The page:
Radio frequency circuits for wireless receiver front-ends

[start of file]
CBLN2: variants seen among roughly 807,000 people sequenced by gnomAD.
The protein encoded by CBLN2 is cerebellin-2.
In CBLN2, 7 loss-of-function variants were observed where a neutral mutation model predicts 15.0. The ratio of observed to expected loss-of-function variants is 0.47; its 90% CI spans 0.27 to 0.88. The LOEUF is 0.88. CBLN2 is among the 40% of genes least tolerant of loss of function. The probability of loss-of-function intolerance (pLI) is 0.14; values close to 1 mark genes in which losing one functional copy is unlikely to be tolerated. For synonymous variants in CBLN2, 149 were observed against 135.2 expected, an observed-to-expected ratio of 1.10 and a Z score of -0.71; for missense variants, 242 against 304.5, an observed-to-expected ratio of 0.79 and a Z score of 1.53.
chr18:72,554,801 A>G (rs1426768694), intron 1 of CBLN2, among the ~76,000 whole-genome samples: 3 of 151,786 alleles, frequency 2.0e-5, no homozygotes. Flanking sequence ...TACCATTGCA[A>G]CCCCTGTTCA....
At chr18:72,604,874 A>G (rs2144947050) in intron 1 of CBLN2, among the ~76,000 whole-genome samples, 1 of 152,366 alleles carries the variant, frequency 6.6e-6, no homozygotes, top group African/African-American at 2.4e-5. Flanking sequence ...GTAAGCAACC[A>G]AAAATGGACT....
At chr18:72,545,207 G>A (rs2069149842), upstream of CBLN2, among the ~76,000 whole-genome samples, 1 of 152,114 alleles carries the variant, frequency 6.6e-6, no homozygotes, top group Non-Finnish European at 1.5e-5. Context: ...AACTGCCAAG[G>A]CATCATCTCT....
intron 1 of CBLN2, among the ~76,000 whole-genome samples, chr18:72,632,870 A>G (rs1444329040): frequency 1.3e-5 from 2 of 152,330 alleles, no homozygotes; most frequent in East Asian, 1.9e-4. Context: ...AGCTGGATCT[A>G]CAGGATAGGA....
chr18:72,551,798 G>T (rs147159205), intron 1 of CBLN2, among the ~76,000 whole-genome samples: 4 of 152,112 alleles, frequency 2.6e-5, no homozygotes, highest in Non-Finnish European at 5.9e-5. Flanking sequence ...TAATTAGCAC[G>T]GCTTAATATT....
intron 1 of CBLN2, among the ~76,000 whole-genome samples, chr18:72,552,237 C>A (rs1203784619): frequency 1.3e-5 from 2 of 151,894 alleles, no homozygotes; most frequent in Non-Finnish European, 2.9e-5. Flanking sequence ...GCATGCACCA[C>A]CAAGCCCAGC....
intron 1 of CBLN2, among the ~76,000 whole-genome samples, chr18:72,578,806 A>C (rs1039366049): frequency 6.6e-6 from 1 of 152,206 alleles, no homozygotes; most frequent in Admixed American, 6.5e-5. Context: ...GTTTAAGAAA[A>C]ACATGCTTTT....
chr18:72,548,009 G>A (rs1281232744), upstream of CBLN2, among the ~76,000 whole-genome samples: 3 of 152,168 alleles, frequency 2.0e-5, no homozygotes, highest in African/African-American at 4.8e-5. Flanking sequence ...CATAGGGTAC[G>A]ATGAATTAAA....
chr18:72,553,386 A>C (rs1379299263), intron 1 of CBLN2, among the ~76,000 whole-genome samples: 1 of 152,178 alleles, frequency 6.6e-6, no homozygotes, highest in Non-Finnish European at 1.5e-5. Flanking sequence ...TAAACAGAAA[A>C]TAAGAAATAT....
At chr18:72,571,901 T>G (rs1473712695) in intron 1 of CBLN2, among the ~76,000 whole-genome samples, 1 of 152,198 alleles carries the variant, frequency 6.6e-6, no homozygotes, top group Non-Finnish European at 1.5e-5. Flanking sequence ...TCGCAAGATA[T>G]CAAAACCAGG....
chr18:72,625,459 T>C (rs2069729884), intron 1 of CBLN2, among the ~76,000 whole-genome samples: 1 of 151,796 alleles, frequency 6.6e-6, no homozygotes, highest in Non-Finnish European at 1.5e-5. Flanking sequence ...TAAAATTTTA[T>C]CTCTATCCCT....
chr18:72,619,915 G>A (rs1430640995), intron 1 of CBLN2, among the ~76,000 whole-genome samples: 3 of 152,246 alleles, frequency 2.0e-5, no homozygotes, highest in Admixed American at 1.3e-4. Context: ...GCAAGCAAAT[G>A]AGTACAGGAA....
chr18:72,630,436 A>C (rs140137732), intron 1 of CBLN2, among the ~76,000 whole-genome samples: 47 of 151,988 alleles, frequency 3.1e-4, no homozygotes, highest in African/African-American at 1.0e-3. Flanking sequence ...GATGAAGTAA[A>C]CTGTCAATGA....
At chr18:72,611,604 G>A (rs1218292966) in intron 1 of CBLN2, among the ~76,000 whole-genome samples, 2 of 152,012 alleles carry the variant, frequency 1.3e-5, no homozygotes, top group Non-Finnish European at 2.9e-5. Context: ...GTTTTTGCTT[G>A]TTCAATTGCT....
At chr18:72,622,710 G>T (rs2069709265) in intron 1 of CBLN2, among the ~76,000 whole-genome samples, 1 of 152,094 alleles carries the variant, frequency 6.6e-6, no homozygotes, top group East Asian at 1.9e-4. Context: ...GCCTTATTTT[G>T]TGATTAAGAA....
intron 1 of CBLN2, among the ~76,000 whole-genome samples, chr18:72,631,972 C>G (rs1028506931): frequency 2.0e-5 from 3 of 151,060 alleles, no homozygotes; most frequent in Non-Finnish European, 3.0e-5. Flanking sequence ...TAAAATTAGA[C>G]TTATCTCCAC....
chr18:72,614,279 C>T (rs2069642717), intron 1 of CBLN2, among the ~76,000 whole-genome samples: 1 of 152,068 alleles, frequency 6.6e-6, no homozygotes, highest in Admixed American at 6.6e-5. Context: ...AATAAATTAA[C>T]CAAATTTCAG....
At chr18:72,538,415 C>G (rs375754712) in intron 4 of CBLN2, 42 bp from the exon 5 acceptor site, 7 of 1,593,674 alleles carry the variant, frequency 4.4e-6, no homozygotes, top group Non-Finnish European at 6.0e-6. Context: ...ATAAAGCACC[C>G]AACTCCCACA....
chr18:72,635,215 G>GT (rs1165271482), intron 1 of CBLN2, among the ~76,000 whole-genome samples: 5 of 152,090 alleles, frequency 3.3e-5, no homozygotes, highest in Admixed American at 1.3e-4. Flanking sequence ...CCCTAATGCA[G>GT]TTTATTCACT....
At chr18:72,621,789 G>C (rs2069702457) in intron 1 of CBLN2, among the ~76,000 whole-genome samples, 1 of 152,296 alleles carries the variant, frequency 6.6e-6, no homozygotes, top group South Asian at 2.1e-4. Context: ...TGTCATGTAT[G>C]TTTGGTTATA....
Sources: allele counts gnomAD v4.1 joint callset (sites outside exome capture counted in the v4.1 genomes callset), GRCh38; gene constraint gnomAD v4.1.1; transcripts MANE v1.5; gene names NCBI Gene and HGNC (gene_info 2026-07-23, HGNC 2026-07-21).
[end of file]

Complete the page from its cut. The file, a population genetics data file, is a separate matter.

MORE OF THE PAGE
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The beginning of the 21st century sees great development and demands on wireless communication technologies. Wireless technologies, either based on a cable replacement or on a networked environment, penetrate our daily life more rapidly than ever. Low operational power, low cost, small form factor, and function diversity are the crucial requirements for a successful wireless product. The receiver??s front-end circuits play an important role in faithfully recovering the information transmitted through the wireless channel. Bluetooth is a short-range cable replacement wireless technology. A Bluetooth receiver architecture was proposed and designed using a pure CMOS process. The front-end of the receiver consists of a low noise ampliﬁer (LNA) and mixer. The intermediate frequency was chosen to be 2MHz to save battery power and alleviate the low frequency noise problem. A conventional LNA architecture was used for reliability. The mixer is a modiﬁed Gilbert-cell using the current bleeding technique to further reduce the low frequency noise. The front-end draws 10 mA current from a 3 V power supply, has a 8.5 dB noise ﬁgure, and a voltage gain of 25 dB and -9 dBm IIP3. A front-end for dual-mode receiver is also designed to explore the capability of a multi-standard application. The two standards are IEEE 802.11b and Bluetooth. They work together making the wireless experience more exciting. The front-end is designed using BiCMOS technology and incorporating a direct conversion receiver architecture. A number of circuit techniques are used in the front-end design to achieve optimal results. It consumes 13.6 mA from a 2.5 V power supply with a 5.5 dB noise ﬁgure, 33 dB voltage gain and -13 dBm IIP3. Besides the system level contributions, intensive studies were carried out on the development of quality LNA circuits. Based on the multi-gated LNA structure, a CMOS LNA structure using bipolar transistors to provide linearization is proposed. This LNA conﬁguration can achieve comparable linearity to its CMOS multi-gated counterpart and work at a higher frequency with less power consumption. A LNA using an on-chip transformer source degeneration is proposed to realize input impedance matching. The possibility of a dual-band cellular application is studied. Finally, a study on ultra-wide band (UWB) LNA implementation is performed to explore the possibility and capability of CMOS technology on the latest UWB standard for multimedia applications.